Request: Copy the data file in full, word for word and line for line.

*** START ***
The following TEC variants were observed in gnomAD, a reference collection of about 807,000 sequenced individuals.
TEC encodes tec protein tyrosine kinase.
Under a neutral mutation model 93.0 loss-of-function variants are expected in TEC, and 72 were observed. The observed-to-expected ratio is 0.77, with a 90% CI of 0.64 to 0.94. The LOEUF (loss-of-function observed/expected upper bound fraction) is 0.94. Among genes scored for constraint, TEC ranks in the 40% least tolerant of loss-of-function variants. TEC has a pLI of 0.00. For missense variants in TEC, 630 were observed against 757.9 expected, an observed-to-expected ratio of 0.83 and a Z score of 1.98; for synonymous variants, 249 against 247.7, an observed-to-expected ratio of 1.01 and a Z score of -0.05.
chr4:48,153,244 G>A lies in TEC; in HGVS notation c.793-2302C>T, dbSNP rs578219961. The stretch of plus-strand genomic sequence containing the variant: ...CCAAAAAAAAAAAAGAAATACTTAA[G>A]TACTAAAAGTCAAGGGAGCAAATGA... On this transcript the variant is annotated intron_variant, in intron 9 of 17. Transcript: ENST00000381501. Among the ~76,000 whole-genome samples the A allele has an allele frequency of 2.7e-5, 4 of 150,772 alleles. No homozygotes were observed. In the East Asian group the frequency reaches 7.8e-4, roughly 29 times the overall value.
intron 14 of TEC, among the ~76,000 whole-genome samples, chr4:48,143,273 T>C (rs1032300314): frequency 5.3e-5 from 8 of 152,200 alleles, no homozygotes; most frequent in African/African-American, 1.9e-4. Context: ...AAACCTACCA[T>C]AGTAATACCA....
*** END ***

The following TEC variants were observed in gnomAD, a reference collection of about 807,000 sequenced individuals.
TEC encodes tec protein tyrosine kinase.
Under a neutral mutation model 93.0 loss-of-function variants are expected in TEC, and 72 were observed. The observed-to-expected ratio is 0.77, with a 90% CI of 0.64 to 0.94. The LOEUF (loss-of-function observed/expected upper bound fraction) is 0.94. Among genes scored for constraint, TEC ranks in the 40% least tolerant of loss-of-function variants. TEC has a pLI of 0.00. For missense variants in TEC, 630 were observed against 757.9 expected, an observed-to-expected ratio of 0.83 and a Z score of 1.98; for synonymous variants, 249 against 247.7, an observed-to-expected ratio of 1.01 and a Z score of -0.05.
chr4:48,153,244 G>A lies in TEC; in HGVS notation c.793-2302C>T, dbSNP rs578219961. The stretch of plus-strand genomic sequence containing the variant: ...CCAAAAAAAAAAAAGAAATACTTAA[G>A]TACTAAAAGTCAAGGGAGCAAATGA... On this transcript the variant is annotated intron_variant, in intron 9 of 17. Transcript: ENST00000381501. Among the ~76,000 whole-genome samples the A allele has an allele frequency of 2.7e-5, 4 of 150,772 alleles. No homozygotes were observed. In the East Asian group the frequency reaches 7.8e-4, roughly 29 times the overall value.
intron 14 of TEC, among the ~76,000 whole-genome samples, chr4:48,143,273 T>C (rs1032300314): frequency 5.3e-5 from 8 of 152,200 alleles, no homozygotes; most frequent in African/African-American, 1.9e-4. Context: ...AAACCTACCA[T>C]AGTAATACCA....